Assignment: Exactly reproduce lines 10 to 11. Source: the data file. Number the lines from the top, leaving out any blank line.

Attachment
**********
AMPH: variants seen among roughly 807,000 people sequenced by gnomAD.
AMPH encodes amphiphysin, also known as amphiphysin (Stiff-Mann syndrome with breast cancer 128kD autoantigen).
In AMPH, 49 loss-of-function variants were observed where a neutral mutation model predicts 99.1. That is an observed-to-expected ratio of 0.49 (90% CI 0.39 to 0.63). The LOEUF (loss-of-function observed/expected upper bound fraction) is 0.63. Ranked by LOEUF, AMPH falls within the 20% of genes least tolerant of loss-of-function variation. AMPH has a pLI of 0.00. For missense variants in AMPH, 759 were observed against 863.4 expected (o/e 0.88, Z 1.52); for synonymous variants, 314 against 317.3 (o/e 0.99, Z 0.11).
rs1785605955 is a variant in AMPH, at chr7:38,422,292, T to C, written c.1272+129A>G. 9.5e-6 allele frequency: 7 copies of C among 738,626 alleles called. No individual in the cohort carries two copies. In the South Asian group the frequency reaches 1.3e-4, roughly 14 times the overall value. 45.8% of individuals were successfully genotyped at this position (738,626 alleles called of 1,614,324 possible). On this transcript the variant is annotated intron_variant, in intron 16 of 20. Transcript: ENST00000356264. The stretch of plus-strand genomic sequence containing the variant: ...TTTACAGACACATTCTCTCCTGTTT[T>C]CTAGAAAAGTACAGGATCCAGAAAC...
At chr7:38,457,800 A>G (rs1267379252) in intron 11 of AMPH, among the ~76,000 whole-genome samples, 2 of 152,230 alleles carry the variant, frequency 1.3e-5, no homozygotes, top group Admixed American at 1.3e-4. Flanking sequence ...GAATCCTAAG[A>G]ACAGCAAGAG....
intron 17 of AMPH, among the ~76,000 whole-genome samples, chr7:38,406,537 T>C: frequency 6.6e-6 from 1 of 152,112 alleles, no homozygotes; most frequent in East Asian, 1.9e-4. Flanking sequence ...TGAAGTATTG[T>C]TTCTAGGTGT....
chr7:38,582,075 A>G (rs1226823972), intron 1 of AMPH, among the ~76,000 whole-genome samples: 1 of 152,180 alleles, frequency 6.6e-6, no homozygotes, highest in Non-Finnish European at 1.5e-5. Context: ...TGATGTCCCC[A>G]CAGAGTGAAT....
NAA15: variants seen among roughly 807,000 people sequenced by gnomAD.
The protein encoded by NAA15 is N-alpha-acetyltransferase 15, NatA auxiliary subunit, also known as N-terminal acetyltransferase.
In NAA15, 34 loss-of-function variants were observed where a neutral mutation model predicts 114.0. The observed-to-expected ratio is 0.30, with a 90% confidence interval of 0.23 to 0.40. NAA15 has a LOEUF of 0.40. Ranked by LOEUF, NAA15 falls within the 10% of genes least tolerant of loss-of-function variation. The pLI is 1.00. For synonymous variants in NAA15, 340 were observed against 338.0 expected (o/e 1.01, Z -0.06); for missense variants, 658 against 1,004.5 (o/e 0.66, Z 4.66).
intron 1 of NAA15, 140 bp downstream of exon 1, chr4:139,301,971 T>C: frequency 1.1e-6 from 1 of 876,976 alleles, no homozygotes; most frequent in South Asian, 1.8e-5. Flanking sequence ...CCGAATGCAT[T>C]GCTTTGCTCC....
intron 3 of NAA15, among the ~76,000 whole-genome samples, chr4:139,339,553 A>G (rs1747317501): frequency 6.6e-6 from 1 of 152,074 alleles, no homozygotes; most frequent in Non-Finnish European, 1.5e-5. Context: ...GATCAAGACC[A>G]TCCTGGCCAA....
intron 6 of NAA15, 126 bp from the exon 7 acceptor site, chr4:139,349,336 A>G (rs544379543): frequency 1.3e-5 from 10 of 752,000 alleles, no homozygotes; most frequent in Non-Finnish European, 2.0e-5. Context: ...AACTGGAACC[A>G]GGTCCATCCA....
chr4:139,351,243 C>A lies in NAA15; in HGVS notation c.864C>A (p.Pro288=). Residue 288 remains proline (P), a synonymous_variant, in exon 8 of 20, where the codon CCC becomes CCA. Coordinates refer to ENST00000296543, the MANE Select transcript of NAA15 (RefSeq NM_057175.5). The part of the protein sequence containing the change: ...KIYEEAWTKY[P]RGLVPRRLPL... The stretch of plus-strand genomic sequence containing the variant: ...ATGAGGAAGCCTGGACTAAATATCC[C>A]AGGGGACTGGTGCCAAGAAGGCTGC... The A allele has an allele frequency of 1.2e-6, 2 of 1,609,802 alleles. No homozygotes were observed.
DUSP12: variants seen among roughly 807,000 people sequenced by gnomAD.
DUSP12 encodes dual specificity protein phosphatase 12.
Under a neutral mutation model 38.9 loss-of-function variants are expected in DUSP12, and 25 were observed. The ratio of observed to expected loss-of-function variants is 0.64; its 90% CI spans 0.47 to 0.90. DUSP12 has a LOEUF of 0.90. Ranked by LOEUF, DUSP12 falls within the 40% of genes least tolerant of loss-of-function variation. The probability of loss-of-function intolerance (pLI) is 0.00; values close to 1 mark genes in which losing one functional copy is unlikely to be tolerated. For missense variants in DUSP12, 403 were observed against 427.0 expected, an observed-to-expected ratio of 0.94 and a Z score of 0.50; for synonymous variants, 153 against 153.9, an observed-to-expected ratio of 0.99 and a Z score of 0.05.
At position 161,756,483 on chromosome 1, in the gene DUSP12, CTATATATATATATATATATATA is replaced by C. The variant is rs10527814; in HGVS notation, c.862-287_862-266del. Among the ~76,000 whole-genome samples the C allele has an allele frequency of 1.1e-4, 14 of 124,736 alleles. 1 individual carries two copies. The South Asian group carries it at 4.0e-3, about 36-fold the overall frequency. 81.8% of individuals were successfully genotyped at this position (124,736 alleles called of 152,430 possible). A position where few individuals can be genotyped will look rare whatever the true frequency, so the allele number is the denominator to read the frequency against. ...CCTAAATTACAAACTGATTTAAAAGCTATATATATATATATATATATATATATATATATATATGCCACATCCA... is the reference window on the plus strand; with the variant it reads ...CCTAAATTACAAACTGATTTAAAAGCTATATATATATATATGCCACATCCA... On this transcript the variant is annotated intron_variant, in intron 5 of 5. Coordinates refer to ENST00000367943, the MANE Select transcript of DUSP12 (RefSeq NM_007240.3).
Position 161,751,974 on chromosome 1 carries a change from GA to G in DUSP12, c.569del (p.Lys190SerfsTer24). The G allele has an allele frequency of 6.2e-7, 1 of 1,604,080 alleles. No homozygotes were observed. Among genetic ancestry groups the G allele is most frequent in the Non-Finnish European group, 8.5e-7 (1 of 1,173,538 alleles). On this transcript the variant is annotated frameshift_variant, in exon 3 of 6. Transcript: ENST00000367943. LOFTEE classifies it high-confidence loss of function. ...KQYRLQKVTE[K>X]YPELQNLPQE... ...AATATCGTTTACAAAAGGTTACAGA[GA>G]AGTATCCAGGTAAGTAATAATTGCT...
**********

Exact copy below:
In NAA15, 34 loss-of-function variants were observed where a neutral mutation model predicts 114.0. The observed-to-expected ratio is 0.30, with a 90% confidence interval of 0.23 to 0.40. NAA15 has a LOEUF of 0.40. Ranked by LOEUF, NAA15 falls within the 10% of genes least tolerant of loss-of-function variation. The pLI is 1.00. For synonymous variants in NAA15, 340 were observed against 338.0 expected (o/e 1.01, Z -0.06); for missense variants, 658 against 1,004.5 (o/e 0.66, Z 4.66).
intron 1 of NAA15, 140 bp downstream of exon 1, chr4:139,301,971 T>C: frequency 1.1e-6 from 1 of 876,976 alleles, no homozygotes; most frequent in South Asian, 1.8e-5. Flanking sequence ...CCGAATGCAT[T>C]GCTTTGCTCC....